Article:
Measles Outbreak Kills 142 Children in Afghanistan  

A week-long measles vaccination campaign is underway in Afghanistan where the World Health Organization (WHO) says the extremely contagious viral disease has killed 142 children and infected 18,000 since the start of the year.

“This measles immunization campaign is part of the national response measure to stop the spread of the outbreak, save lives of the young children and reduce the burden on health systems,” a WHO statement quoted its representative in Afghanistan, Luo Dapeng, as saying on Monday.

The WHO-funded campaign, kicked off Saturday, is supporting the de facto Taliban health authorities in the management of the vaccination.

Thousands of health workers have been tasked to inoculate more than 1.2 million children under five against the disease across 49 Afghan districts in 24 provinces.

Afghanistan has experienced measles resurgence since January 2021. Authorities have since reported 48,366 infections and 250 deaths from the viral disease.

The low routine measles immunization coverage of 66% and longer interval since the measles follow-up campaign in 2018 have resulted in the accumulation of the high number of children under five years old with no measles immunization, said WHO.

Dapeng appealed to parents to bring their children in for vaccination against the life-threatening but preventable disease, urging everyone in the war-ravaged country to ensure the safety of Afghan health workers.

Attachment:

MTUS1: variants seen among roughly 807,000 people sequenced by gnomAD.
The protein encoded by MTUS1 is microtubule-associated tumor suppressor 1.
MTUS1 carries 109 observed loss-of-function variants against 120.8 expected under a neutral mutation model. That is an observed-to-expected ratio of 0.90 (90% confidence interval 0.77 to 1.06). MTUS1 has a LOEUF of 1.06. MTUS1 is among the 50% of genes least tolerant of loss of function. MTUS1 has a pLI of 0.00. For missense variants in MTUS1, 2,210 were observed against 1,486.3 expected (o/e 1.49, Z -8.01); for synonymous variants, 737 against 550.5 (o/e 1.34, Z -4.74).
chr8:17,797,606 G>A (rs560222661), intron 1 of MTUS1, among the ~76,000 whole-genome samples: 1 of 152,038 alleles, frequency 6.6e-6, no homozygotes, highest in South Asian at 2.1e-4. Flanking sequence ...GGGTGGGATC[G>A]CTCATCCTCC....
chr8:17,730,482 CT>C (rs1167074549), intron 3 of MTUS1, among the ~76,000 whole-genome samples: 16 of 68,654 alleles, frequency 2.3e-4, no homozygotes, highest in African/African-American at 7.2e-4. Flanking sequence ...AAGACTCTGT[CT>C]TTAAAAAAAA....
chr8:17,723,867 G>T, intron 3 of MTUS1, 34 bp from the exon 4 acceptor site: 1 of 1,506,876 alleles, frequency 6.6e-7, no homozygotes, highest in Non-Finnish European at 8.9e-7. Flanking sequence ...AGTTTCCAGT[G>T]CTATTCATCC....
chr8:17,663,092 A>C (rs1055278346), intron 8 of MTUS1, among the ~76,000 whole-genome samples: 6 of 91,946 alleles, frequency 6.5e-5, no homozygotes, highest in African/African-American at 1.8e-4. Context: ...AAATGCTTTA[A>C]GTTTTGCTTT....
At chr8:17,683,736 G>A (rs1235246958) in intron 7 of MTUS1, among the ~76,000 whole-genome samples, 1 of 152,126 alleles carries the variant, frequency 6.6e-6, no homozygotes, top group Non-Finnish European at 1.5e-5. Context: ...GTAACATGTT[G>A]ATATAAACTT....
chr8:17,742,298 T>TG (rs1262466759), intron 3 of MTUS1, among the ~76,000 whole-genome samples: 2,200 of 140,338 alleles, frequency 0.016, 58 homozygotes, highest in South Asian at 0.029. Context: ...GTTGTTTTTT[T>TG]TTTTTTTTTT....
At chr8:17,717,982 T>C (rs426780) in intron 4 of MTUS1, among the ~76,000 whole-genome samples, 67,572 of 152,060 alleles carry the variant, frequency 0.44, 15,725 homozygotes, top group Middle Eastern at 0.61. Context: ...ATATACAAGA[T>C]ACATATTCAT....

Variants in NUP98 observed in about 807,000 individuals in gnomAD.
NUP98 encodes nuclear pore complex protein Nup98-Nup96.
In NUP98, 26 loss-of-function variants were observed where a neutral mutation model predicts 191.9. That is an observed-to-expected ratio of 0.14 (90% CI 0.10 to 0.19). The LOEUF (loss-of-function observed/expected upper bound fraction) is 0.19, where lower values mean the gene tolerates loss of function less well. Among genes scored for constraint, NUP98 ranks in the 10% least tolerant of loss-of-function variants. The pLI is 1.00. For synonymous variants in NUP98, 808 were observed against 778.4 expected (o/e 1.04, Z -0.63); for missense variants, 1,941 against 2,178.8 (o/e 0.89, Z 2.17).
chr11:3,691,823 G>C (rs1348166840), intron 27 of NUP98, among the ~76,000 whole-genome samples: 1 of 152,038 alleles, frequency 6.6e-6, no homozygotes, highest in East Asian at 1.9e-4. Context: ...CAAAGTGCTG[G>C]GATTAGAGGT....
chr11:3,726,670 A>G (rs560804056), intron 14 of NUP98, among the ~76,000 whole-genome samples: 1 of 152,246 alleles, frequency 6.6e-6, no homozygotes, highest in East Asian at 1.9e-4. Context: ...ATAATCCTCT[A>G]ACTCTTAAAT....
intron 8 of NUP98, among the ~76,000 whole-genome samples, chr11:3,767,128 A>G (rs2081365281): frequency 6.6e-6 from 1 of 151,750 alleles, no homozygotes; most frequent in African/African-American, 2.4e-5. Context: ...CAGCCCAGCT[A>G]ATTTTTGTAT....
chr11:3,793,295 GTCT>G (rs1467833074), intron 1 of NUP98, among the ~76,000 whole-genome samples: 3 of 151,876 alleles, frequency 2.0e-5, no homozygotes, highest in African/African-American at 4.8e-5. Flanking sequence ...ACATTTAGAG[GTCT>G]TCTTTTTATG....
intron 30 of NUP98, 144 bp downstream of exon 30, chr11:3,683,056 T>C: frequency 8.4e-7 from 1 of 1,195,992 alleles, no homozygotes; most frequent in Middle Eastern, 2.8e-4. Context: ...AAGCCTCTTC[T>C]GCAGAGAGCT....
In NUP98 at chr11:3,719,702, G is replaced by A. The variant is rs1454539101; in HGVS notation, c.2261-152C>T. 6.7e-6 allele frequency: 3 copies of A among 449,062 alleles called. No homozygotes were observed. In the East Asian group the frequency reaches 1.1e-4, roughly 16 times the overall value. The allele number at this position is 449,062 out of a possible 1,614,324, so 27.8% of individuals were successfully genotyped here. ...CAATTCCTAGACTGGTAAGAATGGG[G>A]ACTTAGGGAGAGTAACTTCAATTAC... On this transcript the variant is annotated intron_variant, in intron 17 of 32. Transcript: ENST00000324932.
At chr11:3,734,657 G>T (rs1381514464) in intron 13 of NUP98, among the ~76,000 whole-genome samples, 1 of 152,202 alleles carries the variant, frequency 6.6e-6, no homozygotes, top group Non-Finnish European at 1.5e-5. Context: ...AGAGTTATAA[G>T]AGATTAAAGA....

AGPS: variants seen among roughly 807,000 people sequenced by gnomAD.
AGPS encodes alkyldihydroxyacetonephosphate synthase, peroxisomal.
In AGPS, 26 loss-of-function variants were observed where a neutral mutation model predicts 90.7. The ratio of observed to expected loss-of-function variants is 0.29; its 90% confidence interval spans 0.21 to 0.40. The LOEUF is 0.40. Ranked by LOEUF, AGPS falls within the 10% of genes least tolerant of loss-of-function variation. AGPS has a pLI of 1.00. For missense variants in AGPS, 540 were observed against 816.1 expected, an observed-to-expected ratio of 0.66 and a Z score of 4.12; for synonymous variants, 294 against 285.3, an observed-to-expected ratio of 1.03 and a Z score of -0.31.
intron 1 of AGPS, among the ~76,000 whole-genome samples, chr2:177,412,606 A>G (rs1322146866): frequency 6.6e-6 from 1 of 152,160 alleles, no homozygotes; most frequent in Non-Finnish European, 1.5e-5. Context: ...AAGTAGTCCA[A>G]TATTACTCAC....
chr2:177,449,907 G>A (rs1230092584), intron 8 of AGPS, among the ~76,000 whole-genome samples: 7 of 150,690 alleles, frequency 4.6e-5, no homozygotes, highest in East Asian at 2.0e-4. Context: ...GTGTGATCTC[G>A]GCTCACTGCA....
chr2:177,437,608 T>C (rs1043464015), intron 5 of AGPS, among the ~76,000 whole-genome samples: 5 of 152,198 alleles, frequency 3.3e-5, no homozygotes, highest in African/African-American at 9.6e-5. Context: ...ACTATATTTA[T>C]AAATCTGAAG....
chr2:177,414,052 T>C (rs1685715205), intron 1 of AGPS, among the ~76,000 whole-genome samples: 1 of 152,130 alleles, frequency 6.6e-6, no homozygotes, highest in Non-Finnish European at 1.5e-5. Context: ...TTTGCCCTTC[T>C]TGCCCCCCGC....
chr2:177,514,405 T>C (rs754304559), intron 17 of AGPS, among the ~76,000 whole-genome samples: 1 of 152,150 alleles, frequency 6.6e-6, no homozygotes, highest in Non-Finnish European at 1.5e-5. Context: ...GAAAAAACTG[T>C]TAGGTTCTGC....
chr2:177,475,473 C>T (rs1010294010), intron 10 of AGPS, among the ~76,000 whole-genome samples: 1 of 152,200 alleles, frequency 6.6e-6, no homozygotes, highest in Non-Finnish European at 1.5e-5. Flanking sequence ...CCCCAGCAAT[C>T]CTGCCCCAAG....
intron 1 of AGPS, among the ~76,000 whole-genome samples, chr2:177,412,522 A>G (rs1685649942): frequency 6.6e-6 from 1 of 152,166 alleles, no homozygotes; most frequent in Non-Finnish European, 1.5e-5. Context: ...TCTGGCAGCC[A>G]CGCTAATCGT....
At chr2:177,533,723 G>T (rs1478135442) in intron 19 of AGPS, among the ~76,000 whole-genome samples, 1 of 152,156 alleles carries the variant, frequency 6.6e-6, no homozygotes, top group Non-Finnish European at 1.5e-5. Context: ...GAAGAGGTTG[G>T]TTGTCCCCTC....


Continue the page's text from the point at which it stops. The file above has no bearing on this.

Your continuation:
Last month, eight polio vaccinators, including four women, were shot dead during a door-to-door vaccination campaign against the crippling disease in two northern Afghan provinces.

“The rise in measles cases in Afghanistan is especially concerning because of the extremely high levels of malnutrition,” Dapeng said.

The health emergency comes as officials at the United Nations say decades of conflict, a devastating drought, a collapsing economy and the impact of international sanctions on Taliban rulers are causing “irreparable damage” to Afghan children.

The U.N. estimates that around 23 million people, more than half of Afghanistan’s population, need humanitarian assistance. It says one in three people faces acute hunger and two million children are malnourished.

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